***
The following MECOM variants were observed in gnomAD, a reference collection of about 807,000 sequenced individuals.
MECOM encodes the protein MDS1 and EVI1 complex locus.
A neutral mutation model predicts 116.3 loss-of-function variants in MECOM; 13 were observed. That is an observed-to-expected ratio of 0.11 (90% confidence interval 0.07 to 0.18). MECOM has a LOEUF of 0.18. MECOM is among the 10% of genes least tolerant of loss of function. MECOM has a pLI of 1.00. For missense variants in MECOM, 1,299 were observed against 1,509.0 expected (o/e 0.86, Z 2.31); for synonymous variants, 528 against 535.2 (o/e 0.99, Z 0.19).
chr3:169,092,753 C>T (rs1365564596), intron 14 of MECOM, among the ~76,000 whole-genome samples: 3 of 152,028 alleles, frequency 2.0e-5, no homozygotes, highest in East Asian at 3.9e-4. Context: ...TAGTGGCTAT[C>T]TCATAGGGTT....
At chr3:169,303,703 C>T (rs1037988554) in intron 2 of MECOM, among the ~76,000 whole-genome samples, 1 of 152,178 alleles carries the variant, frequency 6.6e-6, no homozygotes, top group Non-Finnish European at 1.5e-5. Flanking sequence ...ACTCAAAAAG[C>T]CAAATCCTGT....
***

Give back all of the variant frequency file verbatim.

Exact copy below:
The following MECOM variants were observed in gnomAD, a reference collection of about 807,000 sequenced individuals.
MECOM encodes the protein MDS1 and EVI1 complex locus.
A neutral mutation model predicts 116.3 loss-of-function variants in MECOM; 13 were observed. That is an observed-to-expected ratio of 0.11 (90% confidence interval 0.07 to 0.18). MECOM has a LOEUF of 0.18. MECOM is among the 10% of genes least tolerant of loss of function. MECOM has a pLI of 1.00. For missense variants in MECOM, 1,299 were observed against 1,509.0 expected (o/e 0.86, Z 2.31); for synonymous variants, 528 against 535.2 (o/e 0.99, Z 0.19).
chr3:169,092,753 C>T (rs1365564596), intron 14 of MECOM, among the ~76,000 whole-genome samples: 3 of 152,028 alleles, frequency 2.0e-5, no homozygotes, highest in East Asian at 3.9e-4. Context: ...TAGTGGCTAT[C>T]TCATAGGGTT....
At chr3:169,303,703 C>T (rs1037988554) in intron 2 of MECOM, among the ~76,000 whole-genome samples, 1 of 152,178 alleles carries the variant, frequency 6.6e-6, no homozygotes, top group Non-Finnish European at 1.5e-5. Flanking sequence ...ACTCAAAAAG[C>T]CAAATCCTGT....